I almost wrote "self-aware characters" there, but that would have been wrong. All of Tolstoy's characters are self-aware, or if not, then Tolstoy is aware for them. Perhaps one of the most striking things about the book is how astonishingly modern the characters feel, and how easily they could be transported to the 21st century. They may wear shakos and carry reticules, but, two hundred years before the word "selfie" was invented, they are relentlessly taking internal selfies, constantly taking mental snapshots of themselves, their surroundings, and their behavior, and obsessing over how many "likes" others are giving them, even as Tolstoy is also documenting everything from the outside with his virtual camera. Indeed, one of the more complex things about the narrative is how it switches from third-person omniscient to limited third-person, with interjections of skaz (narration in the form of oral vernacular), letters, historical documents, and philosophical treatises. Not to mention the French.

Ah yes, the French. And the German, and the occasional bit of Italian. "War and Peace" is a book about many, many things, but one of the things it is about is language and, more broadly, communication. The upper-class Russian characters speak French; some of them can really only speak French and struggle to speak Russian, communicating more easily with their ostensible enemies (and even, in one exciting passage, passing themselves off as French while on a mission to spy on the enemy camp) than they do with their "own people." And yet they are also in possession of the Russian soul, something they can access in near-mystical fashion when necessary.

If this seems like a contradiction, it's not. Or rather, one of the things Tolstoy is at pains to demonstrate throughout the novel is the limits of logic. Relying too much on logic makes us blind and deaf, and gets us into all kinds of illogical tangles. It's in our heart where the true truth lies. One can argue with that as also being a limited view, but in the modern, industrial, scientific age, of which Tolstoy was a part just as we are now, challenging the limits of logic is an important stance to take, lest hubris overtake us, just as it did Napoleon.

This is my third read through W&P, and my first of the Pevear and Volokhonsky translation. They're controversial figures in the Russian translation world, but just due must be given for the service they've rendered Russian literature. In their foreword to W&P, they specifically state that they strove to be true to Tolstoy, not "idiomatic," which they rightly argue is neither definable, nor an essential element of great literature. The result is something that, while it does possess the occasional moment of roughness and foreignness to the English-accustomed ear, is probably the closest one can get to reading Tolstoy in the original without actually doing so. Certainly for me, as a native English speaker, reading their translation was a very similar experience to reading Tolstoy in Russian. Which is a great triumph. Everyone should read "War and Peace" at some point, and if you can't read it in Russian, this particular translation may be the next best thing.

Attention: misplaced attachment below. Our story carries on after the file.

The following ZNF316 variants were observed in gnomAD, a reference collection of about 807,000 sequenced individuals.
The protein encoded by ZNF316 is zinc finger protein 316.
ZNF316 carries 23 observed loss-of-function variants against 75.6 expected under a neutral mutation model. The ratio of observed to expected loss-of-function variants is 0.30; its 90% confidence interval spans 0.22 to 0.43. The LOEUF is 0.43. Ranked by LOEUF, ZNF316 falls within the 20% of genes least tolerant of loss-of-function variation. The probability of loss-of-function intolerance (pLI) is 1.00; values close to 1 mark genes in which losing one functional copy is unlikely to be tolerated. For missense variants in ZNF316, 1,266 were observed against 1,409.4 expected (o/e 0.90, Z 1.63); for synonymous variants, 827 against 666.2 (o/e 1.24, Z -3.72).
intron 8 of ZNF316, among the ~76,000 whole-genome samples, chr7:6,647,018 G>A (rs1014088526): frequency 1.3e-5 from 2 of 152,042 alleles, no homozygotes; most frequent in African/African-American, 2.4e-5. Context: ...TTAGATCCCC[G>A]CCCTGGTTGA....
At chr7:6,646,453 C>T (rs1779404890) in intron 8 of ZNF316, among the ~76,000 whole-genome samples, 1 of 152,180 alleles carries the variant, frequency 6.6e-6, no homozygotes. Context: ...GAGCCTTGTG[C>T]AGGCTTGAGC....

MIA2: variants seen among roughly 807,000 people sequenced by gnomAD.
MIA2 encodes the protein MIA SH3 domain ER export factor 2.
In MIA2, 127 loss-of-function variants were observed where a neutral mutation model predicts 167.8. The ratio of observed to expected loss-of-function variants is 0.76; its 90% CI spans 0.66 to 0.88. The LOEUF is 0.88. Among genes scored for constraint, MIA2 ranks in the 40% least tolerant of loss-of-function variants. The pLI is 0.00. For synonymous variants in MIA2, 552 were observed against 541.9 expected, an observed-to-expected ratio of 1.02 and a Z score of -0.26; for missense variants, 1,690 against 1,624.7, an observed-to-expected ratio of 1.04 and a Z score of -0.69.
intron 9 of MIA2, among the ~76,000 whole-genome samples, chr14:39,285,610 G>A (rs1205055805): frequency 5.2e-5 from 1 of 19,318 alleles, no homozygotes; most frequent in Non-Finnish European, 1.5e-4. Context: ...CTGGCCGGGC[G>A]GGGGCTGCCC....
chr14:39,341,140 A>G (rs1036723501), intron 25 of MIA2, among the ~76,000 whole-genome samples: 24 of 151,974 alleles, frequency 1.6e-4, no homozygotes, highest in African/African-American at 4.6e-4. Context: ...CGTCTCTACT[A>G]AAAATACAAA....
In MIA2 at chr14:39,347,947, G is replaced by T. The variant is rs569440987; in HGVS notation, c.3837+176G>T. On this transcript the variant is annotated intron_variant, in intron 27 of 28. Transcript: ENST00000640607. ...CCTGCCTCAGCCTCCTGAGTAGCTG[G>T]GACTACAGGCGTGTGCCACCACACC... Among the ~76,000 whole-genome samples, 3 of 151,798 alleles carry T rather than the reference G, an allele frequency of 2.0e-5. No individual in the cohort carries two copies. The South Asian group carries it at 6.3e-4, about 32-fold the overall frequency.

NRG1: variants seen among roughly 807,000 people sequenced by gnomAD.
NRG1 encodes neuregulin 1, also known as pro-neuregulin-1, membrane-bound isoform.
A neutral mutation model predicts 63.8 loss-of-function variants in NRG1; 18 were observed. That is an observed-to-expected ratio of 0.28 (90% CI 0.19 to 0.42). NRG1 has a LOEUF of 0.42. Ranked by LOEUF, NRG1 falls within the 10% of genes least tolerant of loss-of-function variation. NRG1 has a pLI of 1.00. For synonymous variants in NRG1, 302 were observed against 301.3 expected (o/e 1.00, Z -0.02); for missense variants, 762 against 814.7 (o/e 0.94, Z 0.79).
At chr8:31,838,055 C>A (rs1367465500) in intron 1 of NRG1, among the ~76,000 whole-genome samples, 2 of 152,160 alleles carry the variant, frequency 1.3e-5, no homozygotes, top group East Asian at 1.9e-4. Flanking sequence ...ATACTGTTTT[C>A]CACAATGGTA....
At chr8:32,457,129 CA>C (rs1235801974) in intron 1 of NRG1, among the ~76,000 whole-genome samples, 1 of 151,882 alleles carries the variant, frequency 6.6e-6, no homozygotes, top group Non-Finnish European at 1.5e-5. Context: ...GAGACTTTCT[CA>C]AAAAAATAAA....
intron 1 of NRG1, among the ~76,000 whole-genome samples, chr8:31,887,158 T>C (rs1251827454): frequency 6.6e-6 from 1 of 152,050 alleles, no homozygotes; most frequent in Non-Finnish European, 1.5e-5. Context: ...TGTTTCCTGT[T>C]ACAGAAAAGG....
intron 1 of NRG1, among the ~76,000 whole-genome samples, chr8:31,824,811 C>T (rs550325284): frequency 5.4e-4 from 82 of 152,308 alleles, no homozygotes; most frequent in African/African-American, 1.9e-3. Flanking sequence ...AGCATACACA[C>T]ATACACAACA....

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on January 30, 2010
Very rarely can an author create characters that are so multidimensional. They are neither bad nor good, simply human. No author that I have read can so perfectly describe the human experience so eloquently and unpretentiously. It is timeless. Eventhough it takes place in a time and era that has long since disapeared you can relate with the characters as if they were alive today. This book, so simply written is in my opinion, one of the greatest novels ever written. Reading it will make you a better person. A must read for humanists everywhere.
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on April 30, 2004
To fully appreciate this novel, you need to read the unabridged version, not Cliff Notes or some other shortcut used by students. You need to set aside a significant period of time for this (when I first read the novel 40 years ago, I used a week long break between school terms). The story is about a Russian nobel family and their friends and associates over an extended period of time. Young children grow up, get married, have children, and take over the family estates. It is set during (and after) the Napoleonic Wars, the setting being in Russia (to a very large extent in Moscow, but some on country estates).
Tolstoy was a member of the nobility and, by standards of the day, could have been considered a social reformer trying to improve the lot of the peasants. You will usually find a character in his novels that reflects his own attitudes (but not the principal character). He wrote and published novels in installments. To produce this properly in a film media would require making a lengthy TV series, somewhat like "Upstairs, Downstairs." I am surprised that has not been done.
The novel covers the rise and fall of the fortunes of the family and the people around them. The family's fortunes are shattered by a variety of circumstances including bad management of money and the French invasion. Partly the head of the family puts the welfare of others ahead of his own family. When the French are at the gates of Moscow, and they have wagons to save their belongings, they leave their own possessions behind in order to use the wagons to rescue wounded Russian soldiers.
Eventually, the next generation is left with the task of salvaging what remains and restoring the family fortunes.